Our Assessment: The FN-49 was a rifle designed by the Belgian arms manufacturer Fabrique Nationale Herstal during the 1940s. The firm was working on the now largely forgotten M1914 semi-automatic rifle but the work was disrupted when Germany conquered Belgium at the beginning of WWI. It would not be until the early 1930s when FN began to resume work on semi-automatic rifles and in 1936 Dieudonne Saive patented a prototype. Again, FN’s attempt at producing a semi-automatic rifle was disrupted by a German invasion, this time in 1940 during WWII. Saive refused to allow his design to fall into the hands of the Wehrmacht, and managed to escape to England in 1941. While in England, Saive continued to refine his design. By the end of WWII Saive had nearly perfected his design and following some final refinements the gun was ready for the market. Finally, in 1948 FN secured a contract for the new rifle from Venezuela and soon more than two dozen other nations would place orders for the new gun. The gun saw frontline service during a number of conflicts during the 1950s including with Belgian forces sent to suppress pro-independence forces in Congo and during the Suez Crisis Egyptian forces employed the rifle against a joint Israeli, British and French invasion force. The gun was a stalwart design, but it became obsolete by the end of the 1950s and was superseded by more modern automatic rifles during the 1960s. The gun has earned a reputation as the last true pre-modern firearm.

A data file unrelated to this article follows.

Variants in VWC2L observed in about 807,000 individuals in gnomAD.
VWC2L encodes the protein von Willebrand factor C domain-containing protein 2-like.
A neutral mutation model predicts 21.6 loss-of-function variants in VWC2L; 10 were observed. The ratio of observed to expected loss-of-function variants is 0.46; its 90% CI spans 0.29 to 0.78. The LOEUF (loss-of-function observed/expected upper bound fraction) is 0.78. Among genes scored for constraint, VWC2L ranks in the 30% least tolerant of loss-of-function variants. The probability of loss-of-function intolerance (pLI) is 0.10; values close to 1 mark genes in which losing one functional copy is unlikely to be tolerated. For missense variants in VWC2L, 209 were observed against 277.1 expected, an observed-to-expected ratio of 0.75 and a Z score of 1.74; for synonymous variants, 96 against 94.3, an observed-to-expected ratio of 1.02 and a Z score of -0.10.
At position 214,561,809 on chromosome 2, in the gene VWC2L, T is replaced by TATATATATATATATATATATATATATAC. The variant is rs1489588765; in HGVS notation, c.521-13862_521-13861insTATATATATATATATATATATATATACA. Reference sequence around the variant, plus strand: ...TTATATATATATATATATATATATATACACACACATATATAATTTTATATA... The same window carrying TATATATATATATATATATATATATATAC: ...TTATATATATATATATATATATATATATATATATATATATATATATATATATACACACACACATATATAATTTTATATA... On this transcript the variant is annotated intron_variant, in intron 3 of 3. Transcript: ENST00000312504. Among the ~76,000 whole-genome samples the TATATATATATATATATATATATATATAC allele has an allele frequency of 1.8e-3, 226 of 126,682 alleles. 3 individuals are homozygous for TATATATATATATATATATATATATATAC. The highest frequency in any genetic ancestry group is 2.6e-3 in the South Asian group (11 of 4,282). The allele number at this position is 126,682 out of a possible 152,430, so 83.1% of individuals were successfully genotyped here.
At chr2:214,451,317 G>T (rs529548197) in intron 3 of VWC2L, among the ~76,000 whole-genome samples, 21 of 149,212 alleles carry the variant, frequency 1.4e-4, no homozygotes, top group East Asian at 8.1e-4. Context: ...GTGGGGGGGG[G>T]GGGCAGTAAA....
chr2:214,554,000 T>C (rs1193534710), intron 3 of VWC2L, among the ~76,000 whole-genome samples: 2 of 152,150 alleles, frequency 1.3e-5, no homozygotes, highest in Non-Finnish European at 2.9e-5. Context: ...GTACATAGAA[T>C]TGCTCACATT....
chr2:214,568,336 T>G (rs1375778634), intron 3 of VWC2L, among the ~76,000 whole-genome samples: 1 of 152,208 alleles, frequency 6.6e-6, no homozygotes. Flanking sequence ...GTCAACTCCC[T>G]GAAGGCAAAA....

This particular specimen is a Egyptian contract FN-49 which was supplied to the nation sometime between 1948-1952. Egypt had secured nominal independence from Britain in the 1920s with a Monarchy left in power, but the country was still heavily influenced by London. The country was still a monarchy when after WWII it placed a massive order for FN-49 rifles from the Belgium based arms company Fabrique Nationale. The rifles supplied by FN to Cairo had a distinct marking on the chamber ring indicating they were supplied when the monarchy was still in power. The geopolitical situation took a massive turn when in 1952 a group of Egyptian military officers launched a coup against the monarchy and declared Egypt a Republic, largely putting an end to British influence in the country.

Following a power struggle, a young military officer, Gamal Abdel Nasser, assumed power and began to align the nation with the Soviet Union, although the British still had leverage in Egypt, including control over the strategically vital Suez Canal. In 1956 Nasser nationalized the Suez Canal, which ultimately resulted in a joint British, French and Israeli invasion of Egypt. The Egyptian Army was armed with an odd assortment of Soviet and Western arms including the FN-49, but the invading forces were simply better equipped and the Egyptian Army began to crumble. The Soviet Union ultimately threatened to intervene, with nuclear weapons if necessary, to prevent the destruction of Egypt and to the surprise of the British led invasion force American President Dwight Eisenhower refused to challenge the Soviets which resulted in a political defeat for the British and French. As a result, British Prime Minister Anthony Eden was forced to step down in humiliation. Conversely, Israel annexed the Sinai Peninsula and gained several other strategic objectives at the expense of Egypt, actions which laid the seed for future conflict between the two powers. This conflict saw the most widespread use of Egyptian FN49 Rifles, the rifle had been superseded when Egypt began to engage in large scale hostilities again in the ensuing decade.

This particular specimen is an Egyptian contract FN-49 which was made by Fabrique Nationale. It was supplied to Egypt sometime between 1948-1952. The rifle’s stock appears to be a replacement with no visible Egyptian markings and a aftermarket butt-plate, and some of the parts are not matching (see the markings section for details). Despite everything, the rifle remains a solid option. Good luck on your bid!